Commissioners prep for budget review
Robin Sullivan plans to spend the weekend with the draft of the fiscal year 2011 Pike County budget.
It might not be what some folks consider a good read, but for the District 2 Commissioner, it’s compelling.
“I’ve been back through it again after Monday’s meeting, and I’ll go back through it a couple of times this weekend,” Sullivan said. “There are a few things I think were excessive that we need to look at.”
Sullivan, and the remaining commissioners, are preparing for a budget hearing that begins at 5:15 p.m. Monday at the commission meeting room in the County Health Department Office.
During that meeting, commissioners are going to review the proposed budget, once again, in an attempt to finalize a passable version before Sept. 30. Commissioners decided last week to hold additional budget hearings – including a tentative second hearing at 5:15 p.m. Tuesday as well – because several said they wanted more time to review the budget proposals.
“What I anticipate doing, in these one or two meetings or however many are necessary, is going line-by-line in the budget, giving as much details as the commissioners want us to,” said Harry Sanders, county administrator.
“You know the revenue side is essentially given to us by our experts, and it’s based on estimates. For any budget, though, the most important item is going to be the expenditures, and our obligation is to make sure it (the budget) balances …
“I think the commission is doing its best to make sure the revenues are – I don’t know if put in reserve is the right word to use there – but at least unallocated.”
The commission operates on a general fund budget of roughly $10 million, Sanders said.
Projections for the fiscal year 2011 budget show a $123,741 surplus at year-end if the commission does not grant 3 percent anniversary raises to employees, something which has traditionally been granted, although is not guaranteed.
Sanders’ projections show that granting the raises will leave a surplus of $80,676 at year-end.
Those raises are likely to be a point of contention among commissioners, who could be divided about granting raises in tight economic circumstances.
Sullivan was commission chairman when the 1-cent sales tax was passed that generates revenue for education (75 percent) and the county commission (25 percent).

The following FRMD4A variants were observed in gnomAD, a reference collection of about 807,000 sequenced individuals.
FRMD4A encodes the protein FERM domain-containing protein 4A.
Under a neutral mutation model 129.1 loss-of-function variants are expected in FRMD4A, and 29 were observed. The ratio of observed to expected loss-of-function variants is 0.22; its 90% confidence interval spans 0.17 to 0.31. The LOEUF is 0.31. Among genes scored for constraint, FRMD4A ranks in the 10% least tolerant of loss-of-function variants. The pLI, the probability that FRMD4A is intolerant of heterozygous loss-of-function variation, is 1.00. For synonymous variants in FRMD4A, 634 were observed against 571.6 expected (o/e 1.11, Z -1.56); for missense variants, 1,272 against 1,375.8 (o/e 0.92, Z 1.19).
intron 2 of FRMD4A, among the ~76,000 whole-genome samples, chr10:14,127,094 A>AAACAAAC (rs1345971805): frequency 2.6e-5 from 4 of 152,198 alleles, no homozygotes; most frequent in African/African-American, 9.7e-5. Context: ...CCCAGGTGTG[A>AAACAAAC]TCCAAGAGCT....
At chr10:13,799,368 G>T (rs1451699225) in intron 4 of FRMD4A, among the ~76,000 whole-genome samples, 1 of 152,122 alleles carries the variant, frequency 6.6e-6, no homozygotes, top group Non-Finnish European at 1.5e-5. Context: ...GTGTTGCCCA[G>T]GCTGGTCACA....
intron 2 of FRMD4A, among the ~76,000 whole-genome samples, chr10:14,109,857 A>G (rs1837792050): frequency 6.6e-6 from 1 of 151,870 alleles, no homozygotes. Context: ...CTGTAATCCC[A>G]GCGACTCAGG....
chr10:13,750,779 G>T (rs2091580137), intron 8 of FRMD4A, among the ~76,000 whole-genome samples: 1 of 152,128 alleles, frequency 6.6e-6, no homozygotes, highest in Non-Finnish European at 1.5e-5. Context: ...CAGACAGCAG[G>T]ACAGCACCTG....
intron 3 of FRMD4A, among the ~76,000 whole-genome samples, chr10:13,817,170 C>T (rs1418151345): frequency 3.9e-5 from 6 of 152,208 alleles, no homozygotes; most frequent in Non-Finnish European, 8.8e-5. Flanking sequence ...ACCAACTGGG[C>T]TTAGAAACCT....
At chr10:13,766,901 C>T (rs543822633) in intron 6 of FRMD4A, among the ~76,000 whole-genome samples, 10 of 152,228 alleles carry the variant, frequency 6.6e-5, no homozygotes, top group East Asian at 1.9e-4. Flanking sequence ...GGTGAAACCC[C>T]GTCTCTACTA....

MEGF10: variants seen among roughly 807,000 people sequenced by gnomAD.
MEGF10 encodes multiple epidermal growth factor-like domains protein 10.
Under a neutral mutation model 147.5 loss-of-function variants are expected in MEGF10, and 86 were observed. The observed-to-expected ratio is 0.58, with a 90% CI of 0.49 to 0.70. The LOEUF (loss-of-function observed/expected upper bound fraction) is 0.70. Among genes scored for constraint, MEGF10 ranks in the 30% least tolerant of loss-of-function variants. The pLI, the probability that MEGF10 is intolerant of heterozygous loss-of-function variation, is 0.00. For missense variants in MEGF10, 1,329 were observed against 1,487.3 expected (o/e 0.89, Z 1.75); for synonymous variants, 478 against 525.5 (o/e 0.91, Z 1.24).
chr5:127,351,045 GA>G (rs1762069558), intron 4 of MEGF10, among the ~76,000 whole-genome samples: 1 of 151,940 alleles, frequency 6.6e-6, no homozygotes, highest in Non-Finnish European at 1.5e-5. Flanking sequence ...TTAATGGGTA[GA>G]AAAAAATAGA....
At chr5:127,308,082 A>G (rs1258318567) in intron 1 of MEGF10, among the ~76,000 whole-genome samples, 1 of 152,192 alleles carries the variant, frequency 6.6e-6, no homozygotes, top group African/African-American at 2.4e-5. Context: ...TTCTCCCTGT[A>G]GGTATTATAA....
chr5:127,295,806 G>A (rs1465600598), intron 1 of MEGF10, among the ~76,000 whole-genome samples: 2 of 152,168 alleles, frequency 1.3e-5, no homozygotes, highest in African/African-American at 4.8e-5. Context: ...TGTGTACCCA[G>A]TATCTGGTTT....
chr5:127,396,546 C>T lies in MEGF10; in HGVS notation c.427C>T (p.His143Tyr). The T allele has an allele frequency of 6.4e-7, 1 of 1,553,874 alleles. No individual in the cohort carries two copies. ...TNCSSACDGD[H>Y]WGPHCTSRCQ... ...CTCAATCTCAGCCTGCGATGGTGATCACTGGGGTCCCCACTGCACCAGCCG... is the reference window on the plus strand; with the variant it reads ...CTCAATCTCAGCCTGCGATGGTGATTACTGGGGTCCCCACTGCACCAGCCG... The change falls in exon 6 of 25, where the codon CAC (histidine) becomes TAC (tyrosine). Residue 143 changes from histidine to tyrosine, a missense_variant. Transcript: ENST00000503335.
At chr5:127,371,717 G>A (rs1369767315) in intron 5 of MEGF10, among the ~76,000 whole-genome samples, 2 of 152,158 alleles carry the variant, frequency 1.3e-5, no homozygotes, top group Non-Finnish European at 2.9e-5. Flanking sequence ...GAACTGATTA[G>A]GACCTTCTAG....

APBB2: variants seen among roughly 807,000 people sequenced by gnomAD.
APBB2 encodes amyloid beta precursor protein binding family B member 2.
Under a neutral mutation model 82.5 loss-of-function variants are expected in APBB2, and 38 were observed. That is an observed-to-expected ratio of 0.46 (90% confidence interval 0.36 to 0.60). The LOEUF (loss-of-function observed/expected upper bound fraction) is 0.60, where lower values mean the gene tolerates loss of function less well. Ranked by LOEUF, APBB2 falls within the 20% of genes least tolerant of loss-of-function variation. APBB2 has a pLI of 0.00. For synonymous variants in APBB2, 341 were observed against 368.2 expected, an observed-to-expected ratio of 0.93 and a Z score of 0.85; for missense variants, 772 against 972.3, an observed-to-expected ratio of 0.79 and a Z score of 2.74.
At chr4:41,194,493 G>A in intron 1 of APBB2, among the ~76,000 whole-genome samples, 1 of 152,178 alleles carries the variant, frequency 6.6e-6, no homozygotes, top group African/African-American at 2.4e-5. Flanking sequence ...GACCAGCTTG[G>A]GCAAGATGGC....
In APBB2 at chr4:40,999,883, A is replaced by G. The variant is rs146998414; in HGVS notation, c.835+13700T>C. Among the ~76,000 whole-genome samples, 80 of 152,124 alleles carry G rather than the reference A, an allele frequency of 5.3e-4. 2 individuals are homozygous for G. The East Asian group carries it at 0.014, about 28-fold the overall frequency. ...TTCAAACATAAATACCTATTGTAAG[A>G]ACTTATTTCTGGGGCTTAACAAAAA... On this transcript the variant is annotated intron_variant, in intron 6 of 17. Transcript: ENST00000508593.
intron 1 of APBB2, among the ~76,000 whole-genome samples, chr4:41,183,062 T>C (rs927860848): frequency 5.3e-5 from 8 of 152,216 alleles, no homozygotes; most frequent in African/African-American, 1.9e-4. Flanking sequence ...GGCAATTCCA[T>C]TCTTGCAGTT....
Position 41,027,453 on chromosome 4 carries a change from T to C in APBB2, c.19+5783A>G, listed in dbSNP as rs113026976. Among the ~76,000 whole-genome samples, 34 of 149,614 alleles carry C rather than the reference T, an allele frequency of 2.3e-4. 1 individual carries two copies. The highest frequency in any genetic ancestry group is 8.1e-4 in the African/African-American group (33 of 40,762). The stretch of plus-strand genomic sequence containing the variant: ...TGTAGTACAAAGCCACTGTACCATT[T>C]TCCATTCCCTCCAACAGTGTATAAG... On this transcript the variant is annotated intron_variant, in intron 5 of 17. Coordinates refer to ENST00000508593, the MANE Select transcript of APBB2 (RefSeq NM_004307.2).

He said when that tax was passed, commission members supported the tax with the understanding they would have a steady revenue source to fund ongoing pay increases for county employees. Because of that, he feels a commitment to the 3 percent anniversary pay raises.
“I’m going to be for that,” he said.
Others, like commission chairman Jimmy Barron, are not as certain. “I’m afraid if this economy keeps on like it is, with our sales taxes like they are, everything could take another plunge and we could be in the red,” Barron said.
“I’m not 100 percent certain what I’m going to do about the raises. I’m going to keep an open mind about it, but I’m going to have to analyze the budget.”
And, last Monday night, District 5 Commission Charlie Harris warned against unwise spending. “Just because we’re not in the red now, we don’t need to spend money,” he said.
Barron said he believes the commission’s priority when it comes to spending money should be focused on roads and bridges.
“We need to keep our people safe when they’re traveling to work and school,” he said.
But ongoing shortfalls in road department revenues, generated primarily by state gas tax revenues, make that a challenge for the county. “That’s a lot of our problem with the road department,” Sullivan said.
“And I hope the road bill passes (in the state Legislature) this year. If that passes, it will put a patch on it, but it won’t heal it.”
Sullivan said the formula used to calculate gas tax revenues is the same one used in the late 1990s, and the outdated one doesn’t address today’s needs. “Every time we go to Montgomery we address this,” he said. “All the counties except for a few have the same problem.”
Adding to the problems are cash flow concerns caused by emergencies, such as the cleanup from flooding damage that occurred earlier this year. Although the county was eligible to receive FEMA funding for the cleanup, it was forced to pay for the work to be done and wait several months for the reimbursement from the federal government.
That reimbursement came recently, some $685,000. “When you have an emergency, you still have to pay for everything to get done, and when you’re talking about an $80,000 surplus, well that’s not much surplus at all,” Barron said.
Still, Sullivan said he is “optimistic” about the fiscal year 2011 budget. Particularly since it involves the word “surplus” while still maintaining the county’s rigorous debt repayment plan.
“The first year I was a commissioner, we were in the budget hearing and someone said, ‘it ain’t going to matter because in six months we’re going to have to borrow money to finish the year out.’,” he said.
Four years later, in 2008, the commission was able to make it through the year without borrowing money, and the county had begun a 10-year debt repayment plan.
“We did it again in 2009 and it looks like we’ll be able to do it in 2010,” Sullivan said of ending with a surplus.
“I’m proud of that. And that’s what we’re trying to do with this budget: project low and hope we come in just a little under that.”